India, US relations destined to grow stronger: Hillary Clinton

February 13th, 2009 - 1:02 pm ICT by IANS  

Barack ObamaWashington, Feb 13 (IANS) The deep and broad partnership that India and the US are forging based on common history and values is destined to grow even stronger in the future, says Secretary of State Hillary Clinton.

Martin Luther King Jr.’s 1959 trip to India stands as a landmark of the civil rights movement and “a real testament to the bonds of affection and shared history between our two nations”, she said Thursday at a ceremony at the State Department to send off a cultural US delegation to India.

Comprising American civil rights leader’s son Martin Luther King III, US House representatives John Lewis and Spencer Bachus and jazz performer Herbie Hancock, the delegation will retrace King’s steps visiting some of the principal sites associated with Mahatma Gandhi’s work.

King and his wife, Coretta Scott King, travelled to India from Feb 10 to March 10, 1959. Upon their return to the US, King and other leaders of the civil rights movement drew on Gandhi’s ideas to transform American society.

New Delhi’s welcome for the US cultural delegation was “a reflection that India also understands that the deep and broad partnership our countries are forging is one based on common history and values”, Clinton said. “And it is because of that that it is destined to grow even stronger in the future.”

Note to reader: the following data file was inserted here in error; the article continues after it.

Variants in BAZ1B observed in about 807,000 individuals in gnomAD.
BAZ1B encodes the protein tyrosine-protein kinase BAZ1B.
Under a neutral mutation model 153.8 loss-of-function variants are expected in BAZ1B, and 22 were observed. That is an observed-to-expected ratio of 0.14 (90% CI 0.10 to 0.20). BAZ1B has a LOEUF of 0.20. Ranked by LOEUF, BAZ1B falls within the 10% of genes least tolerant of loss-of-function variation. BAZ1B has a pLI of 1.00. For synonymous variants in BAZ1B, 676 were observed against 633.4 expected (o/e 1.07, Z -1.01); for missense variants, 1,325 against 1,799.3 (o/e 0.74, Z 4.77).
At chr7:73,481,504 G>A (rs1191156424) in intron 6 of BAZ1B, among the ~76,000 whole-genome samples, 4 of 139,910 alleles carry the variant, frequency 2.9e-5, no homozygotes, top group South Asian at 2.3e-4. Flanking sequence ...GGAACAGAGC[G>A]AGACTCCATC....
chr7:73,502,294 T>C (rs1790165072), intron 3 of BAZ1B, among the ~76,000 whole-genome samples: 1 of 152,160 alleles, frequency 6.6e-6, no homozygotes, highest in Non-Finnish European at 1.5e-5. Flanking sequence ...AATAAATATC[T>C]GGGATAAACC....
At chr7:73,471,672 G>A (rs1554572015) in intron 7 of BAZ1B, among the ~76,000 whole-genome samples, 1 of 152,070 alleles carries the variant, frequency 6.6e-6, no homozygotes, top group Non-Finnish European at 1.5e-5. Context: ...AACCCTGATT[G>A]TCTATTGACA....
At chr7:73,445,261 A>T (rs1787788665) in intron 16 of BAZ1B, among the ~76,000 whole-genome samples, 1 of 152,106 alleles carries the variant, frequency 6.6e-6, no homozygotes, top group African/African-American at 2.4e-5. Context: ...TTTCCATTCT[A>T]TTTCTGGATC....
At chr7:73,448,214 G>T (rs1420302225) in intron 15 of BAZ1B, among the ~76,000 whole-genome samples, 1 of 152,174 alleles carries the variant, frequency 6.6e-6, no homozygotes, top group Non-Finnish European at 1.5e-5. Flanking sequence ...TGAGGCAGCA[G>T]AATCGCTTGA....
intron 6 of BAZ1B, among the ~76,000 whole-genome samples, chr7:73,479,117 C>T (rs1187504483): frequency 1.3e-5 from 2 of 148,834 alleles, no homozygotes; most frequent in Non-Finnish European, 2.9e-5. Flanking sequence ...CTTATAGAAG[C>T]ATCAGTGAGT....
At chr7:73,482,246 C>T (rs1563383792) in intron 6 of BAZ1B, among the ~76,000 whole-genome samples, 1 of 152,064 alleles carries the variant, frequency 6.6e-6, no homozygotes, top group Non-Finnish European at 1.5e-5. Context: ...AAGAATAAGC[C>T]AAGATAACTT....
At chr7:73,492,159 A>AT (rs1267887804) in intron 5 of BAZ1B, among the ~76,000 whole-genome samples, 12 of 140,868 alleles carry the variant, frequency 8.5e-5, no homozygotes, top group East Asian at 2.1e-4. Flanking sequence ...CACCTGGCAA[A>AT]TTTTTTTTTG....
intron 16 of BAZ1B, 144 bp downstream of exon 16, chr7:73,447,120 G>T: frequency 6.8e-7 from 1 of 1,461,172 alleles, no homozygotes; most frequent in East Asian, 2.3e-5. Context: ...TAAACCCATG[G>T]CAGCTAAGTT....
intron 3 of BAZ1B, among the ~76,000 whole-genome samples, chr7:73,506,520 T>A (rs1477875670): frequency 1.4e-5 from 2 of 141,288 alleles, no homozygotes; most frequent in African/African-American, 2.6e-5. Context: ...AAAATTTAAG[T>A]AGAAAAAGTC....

“So I wish you Godspeed and a great deal of - oh, shall I say, jealousy that you are retracing these footsteps,” she said amidst laughter.

Indian ambassador to the US Ronen Sen attended what Clinton described as a historic occasion.

Noting that King brought the lessons he learned from Gandhi’s philosophy to the US “and renewed his own faith in the unmatched moral force of non-violent resistance”, Clinton said his historic journey “really represents the journey that our country has been on”.

Asked if King’s dream had come full circle now with Barack Obama’s election, Clinton said: “I think President Obama would tell you that it is not about him. His election, his victory, is a victory for the American people as well as for his philosophy of change and his deep commitment to American values.”

Noting that Gandhi’s life had quite a profound impact on his father, King III said: “By working to foster peace through non-violence, I hope this pilgrimage will inspire others to end the dependence on violence for nominal change, and instead look to reconciliatory power of non-violence to create sustainable progress and diplomacy.”

Hancock, chairperson of the Thelonious Monk Institute of Jazz, is making his third trip to India with singers Chaka Khan, Dee Dee Bridgewater, pianist George Duke and some young students.

He said they looked forward to being a part of the Living Dream concerts in Mumbai and Delhi. They would also work with the students at the Ravi Shankar Institute of the Performing Arts.

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